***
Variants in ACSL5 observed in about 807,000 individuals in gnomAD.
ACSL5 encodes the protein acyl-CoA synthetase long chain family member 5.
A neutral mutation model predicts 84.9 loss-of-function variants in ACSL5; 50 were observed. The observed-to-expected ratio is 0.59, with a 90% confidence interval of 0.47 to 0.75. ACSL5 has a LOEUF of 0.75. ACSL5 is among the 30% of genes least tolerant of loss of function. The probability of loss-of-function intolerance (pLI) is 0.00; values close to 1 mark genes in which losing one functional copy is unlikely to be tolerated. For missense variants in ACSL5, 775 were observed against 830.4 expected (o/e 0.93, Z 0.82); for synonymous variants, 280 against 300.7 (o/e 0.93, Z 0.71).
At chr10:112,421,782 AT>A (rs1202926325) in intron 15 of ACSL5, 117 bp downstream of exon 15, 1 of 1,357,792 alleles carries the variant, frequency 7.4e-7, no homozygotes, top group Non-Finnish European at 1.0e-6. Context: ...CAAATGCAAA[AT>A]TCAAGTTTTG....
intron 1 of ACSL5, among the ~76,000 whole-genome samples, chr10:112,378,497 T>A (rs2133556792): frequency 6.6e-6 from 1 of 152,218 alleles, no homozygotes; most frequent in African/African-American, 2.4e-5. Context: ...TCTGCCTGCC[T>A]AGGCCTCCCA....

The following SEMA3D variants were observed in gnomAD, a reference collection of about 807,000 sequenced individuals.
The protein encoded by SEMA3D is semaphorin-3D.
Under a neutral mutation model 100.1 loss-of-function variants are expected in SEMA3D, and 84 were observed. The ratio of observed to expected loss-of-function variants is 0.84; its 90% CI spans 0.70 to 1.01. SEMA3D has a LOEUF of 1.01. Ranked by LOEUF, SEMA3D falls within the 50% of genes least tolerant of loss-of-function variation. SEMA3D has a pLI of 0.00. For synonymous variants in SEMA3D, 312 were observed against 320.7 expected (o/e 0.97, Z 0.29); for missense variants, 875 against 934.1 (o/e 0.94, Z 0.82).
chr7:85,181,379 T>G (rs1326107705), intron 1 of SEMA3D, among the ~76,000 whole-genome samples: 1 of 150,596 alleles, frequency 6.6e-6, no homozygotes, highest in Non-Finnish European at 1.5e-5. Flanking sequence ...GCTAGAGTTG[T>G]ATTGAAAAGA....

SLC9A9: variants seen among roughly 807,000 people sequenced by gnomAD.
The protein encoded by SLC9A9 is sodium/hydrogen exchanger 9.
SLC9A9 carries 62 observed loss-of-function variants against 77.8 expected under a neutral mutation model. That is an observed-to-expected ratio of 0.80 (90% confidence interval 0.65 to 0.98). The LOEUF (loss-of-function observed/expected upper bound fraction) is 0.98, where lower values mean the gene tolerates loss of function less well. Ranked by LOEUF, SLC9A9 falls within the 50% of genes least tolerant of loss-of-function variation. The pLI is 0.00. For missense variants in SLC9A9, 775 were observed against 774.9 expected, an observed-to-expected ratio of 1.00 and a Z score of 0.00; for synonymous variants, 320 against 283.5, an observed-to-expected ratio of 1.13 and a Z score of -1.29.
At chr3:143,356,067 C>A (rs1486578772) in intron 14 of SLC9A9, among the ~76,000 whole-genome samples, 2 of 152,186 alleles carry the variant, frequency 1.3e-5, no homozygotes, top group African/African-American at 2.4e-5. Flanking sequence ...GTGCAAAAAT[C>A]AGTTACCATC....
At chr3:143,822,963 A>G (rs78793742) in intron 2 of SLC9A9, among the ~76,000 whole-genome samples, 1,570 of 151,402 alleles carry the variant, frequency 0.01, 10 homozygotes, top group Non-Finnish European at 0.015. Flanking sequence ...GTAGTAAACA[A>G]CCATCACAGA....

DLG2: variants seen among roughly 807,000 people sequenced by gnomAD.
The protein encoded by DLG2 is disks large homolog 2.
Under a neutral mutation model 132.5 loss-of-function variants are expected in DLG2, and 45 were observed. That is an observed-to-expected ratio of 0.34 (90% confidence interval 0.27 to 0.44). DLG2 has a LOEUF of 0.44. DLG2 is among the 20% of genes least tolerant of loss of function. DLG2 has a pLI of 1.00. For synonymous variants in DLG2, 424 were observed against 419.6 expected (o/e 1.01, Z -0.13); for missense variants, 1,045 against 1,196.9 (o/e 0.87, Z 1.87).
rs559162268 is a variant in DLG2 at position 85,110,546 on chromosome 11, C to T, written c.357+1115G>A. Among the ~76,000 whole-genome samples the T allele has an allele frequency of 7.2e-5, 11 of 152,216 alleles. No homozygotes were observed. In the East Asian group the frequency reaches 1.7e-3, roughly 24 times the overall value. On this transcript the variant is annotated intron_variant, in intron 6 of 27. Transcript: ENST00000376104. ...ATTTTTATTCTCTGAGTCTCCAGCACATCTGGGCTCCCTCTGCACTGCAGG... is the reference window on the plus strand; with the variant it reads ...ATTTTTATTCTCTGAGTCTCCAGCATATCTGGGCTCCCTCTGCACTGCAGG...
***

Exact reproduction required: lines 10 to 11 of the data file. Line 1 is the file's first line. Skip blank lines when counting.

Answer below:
SLC9A9: variants seen among roughly 807,000 people sequenced by gnomAD.
The protein encoded by SLC9A9 is sodium/hydrogen exchanger 9.